I think I should also note, that while the preservationist inside of me is sad to see the loss of any building or material artifact of our past, the environmentalist wants to do a back flip. Keep development where it belongs, which is on top of where it already exists. As the old saying goes, ‘farmland lost is farmland lost forever.’ These new residential, office, and commercial units need to go somewhere, so doesn’t it make sense to put them where development has already happened instead of green fields on the edge of town? And taking a step back to put things in context, what is more important, some old buildings or our children’s future resources? Makes it hard to argue for the buildings. The bottom line is that development needs to happen within the already established footprint of cities in order to ensure the long term sustainability of us all. As preservationists, it is our job to now figure out how to keep development within these existing bounds while protecting our limited historical resources. Not an easy thing to do, but I have faith that our passions and dedications will make it happen.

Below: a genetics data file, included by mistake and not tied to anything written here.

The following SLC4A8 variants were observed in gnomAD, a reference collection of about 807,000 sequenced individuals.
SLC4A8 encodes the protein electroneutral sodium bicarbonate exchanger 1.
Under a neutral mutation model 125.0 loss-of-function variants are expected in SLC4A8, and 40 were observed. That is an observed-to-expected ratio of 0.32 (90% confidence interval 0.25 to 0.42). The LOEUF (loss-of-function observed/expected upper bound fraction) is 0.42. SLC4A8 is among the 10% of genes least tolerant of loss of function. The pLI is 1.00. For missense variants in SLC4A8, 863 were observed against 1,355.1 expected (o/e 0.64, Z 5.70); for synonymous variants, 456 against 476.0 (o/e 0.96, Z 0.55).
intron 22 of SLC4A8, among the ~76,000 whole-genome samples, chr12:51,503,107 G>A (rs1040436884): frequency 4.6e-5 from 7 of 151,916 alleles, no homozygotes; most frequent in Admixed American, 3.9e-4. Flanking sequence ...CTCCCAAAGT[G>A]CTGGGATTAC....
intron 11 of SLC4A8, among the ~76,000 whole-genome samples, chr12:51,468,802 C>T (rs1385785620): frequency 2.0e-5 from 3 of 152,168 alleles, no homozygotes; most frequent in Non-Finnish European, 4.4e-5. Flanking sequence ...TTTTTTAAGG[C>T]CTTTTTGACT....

-Missy Celii

Editor’s note: For more information here is a link to an article about a construction in the downtown mall, in The Hook, Charlottesville’s newspaper. Note that the image credit belongs to this link.